Heather Von St. James was always accused of wearing rose-colored glasses. But it was those rose-colored glasses along with her family, friends, and medical team that would save her life.
After three months of giving birth to her daughter Lily, Heather was diagnosed with Mesothelioma. What widely is known as “an old man’s disease” was attacking Heather’s 36-year-old body. Mesothelioma is a malignant tumor that is caused by inhaled asbestos fibers and forms in the lining of the lungs, abdomen, or heart (known as the mesothelium). It’s an aggressive form of cancer that gives patients an average of 10 months to live. Or, as Heather’s web campaign soberly points out, just 300 days.
But Heather wouldn’t go down as one of its victims.
Heather and her husband Cameron sat down with us for an extraordinary and candid interview to discuss her experience with this deadly disease, the power of positive thinking, and raising their beautiful nine-year-old daughter, Lily.
Q: Your story of survival is remarkable, and no doubt an inspiration to anybody who has ever heard those feared words “you have cancer.” What do you say to someone who has just been diagnosed?
Heather: Slow down. So much is thrown at you right away. Weigh your options. The doctors stress urgency – and that’s a good thing, you don’t want to wait six months without taking action, but take the time and seek out more than one opinion. And lastly, which I can’t stress enough, is find a specialist in your disease. I was referred to a Meso specialist (Dr. David Sugarbaker) in Boston, and I credit my survival to having a specialist. What all Mesothelioma long-term survivors have in common is they found specialists equipped to deal with the disease.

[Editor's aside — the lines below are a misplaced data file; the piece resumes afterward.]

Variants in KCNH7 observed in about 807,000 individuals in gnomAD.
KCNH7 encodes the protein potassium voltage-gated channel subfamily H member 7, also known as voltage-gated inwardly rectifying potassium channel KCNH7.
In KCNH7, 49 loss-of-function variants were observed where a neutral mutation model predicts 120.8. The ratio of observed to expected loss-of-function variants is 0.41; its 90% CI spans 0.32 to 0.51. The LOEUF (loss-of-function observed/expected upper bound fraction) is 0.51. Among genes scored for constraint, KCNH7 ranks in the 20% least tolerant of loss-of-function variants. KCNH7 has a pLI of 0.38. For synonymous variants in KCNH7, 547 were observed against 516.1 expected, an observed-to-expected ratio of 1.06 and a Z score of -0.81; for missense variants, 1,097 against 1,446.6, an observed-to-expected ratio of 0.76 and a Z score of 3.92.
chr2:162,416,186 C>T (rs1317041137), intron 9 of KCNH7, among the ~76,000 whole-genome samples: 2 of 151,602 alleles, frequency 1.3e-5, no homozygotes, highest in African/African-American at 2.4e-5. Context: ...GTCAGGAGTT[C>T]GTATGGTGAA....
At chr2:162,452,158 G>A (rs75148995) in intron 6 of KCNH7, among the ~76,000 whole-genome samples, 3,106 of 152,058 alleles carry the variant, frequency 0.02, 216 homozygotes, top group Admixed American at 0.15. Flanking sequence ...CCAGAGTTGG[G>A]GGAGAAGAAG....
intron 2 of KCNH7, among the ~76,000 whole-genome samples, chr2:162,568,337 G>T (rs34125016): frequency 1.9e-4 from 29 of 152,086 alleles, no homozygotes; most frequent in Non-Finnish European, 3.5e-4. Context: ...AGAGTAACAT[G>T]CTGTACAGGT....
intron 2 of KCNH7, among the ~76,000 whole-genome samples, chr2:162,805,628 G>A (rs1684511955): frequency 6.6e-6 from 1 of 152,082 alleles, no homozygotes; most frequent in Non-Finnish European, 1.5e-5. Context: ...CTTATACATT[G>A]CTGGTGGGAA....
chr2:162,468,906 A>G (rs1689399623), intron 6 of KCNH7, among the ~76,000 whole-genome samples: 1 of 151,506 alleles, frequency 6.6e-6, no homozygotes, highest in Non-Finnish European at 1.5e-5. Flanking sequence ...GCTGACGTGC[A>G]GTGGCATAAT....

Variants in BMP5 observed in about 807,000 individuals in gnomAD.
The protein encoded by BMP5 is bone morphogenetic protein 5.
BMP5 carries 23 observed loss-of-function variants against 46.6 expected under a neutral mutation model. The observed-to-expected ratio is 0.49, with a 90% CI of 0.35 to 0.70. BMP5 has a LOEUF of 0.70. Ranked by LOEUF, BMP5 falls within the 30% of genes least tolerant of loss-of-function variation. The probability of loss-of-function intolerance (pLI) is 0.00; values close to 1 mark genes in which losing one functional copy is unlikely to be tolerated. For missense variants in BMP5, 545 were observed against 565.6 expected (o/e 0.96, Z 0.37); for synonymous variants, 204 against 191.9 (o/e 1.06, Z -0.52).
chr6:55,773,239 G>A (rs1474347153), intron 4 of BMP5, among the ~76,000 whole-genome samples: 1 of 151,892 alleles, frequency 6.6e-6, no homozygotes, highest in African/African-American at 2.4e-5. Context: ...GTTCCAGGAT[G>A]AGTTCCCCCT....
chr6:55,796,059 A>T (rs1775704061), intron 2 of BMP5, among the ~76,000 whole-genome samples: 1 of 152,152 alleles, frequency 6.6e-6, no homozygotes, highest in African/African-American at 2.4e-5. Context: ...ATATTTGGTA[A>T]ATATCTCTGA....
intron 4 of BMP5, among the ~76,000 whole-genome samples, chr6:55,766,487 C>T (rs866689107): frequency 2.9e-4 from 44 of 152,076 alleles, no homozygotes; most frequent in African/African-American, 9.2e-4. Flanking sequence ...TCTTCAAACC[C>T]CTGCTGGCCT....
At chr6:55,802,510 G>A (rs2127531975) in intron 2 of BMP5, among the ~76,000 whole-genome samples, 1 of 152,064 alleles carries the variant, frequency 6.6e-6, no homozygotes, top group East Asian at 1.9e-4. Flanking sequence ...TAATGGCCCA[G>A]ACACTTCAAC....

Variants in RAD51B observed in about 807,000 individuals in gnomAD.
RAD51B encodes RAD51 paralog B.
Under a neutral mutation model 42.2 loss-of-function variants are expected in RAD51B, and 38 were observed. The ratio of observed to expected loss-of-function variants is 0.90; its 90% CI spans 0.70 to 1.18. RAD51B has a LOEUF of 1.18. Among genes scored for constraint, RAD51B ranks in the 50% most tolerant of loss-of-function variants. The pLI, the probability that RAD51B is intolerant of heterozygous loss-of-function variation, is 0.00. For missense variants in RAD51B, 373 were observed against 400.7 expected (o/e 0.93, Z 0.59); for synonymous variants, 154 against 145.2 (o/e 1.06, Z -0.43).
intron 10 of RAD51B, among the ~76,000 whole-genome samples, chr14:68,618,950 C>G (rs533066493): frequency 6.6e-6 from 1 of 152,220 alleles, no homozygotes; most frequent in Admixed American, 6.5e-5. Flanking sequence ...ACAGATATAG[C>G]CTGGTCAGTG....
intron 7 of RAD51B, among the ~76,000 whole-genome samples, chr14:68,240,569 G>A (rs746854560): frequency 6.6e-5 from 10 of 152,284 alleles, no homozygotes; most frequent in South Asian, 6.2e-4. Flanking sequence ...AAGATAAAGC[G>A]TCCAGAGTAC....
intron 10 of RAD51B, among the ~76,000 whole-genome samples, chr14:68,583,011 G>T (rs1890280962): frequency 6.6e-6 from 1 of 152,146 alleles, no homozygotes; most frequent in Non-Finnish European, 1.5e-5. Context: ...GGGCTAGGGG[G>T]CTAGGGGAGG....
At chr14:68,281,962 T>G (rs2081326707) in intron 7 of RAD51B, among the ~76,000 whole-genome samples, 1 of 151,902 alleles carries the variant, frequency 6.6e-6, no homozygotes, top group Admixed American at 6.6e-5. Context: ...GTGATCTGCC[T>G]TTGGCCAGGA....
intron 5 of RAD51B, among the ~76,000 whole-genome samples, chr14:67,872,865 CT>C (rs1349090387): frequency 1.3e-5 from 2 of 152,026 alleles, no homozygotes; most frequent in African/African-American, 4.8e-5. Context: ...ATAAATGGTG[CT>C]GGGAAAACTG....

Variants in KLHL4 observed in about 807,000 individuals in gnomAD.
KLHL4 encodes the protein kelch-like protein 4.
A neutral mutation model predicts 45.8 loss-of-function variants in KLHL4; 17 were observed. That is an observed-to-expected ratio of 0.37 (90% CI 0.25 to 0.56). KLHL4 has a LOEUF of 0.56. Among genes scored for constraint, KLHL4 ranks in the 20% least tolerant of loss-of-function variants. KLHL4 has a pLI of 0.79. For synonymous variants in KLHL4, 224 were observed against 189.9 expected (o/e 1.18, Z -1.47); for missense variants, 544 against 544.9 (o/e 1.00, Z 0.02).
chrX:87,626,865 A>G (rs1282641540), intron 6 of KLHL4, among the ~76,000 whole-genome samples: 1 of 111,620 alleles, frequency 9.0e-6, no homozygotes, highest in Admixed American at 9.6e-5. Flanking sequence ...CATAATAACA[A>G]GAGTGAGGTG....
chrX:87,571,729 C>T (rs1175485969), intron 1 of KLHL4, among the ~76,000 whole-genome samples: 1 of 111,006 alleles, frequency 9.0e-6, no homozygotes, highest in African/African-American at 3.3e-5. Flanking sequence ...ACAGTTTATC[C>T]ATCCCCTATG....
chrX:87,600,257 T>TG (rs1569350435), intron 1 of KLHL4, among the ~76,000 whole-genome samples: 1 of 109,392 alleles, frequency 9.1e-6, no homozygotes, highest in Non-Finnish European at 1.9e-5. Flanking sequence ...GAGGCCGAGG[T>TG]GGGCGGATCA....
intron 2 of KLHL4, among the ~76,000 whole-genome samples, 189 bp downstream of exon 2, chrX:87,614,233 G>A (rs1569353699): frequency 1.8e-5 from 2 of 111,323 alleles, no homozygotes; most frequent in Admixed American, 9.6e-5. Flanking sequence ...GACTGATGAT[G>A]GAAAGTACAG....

Q: Mesothelioma is cancer that not many people know too much about. Or they link it immediately with “old men” who worked with Asbestos. What would you like people to know about Mesothelioma?
Heather: That it’s not an older man’s disease. It’s a common thought that Mesothelioma only affects men in their 70s, 80s, and 90s who have worked with Asbestos. When in actuality, the fastest demographic of mesothelioma patients are young adults. It is caused by issue to Asbestos – and Asbestos exposure is easier than you think. It’s not banned yet and even found in some children’s toys.
Q: You were diagnosed with Mesothelioma three months after giving birth to your daughter Lily. How did you know there was something wrong?
Heather: I was tired, bone tired. I also had shortness of breath that wouldn’t go away and just got worse. Also, I was losing a lot of weight fast. About five to nine pounds a week. Mesothelioma causes anemia, so I was exhausted all of the time.
Finally, I went to my doctor and said: “dude, there’s something wrong with me.” They could have easily written my symptoms off as similar postpartum symptoms. I’m thankful to my doctor for having a more profound intuition that I wasn’t getting better.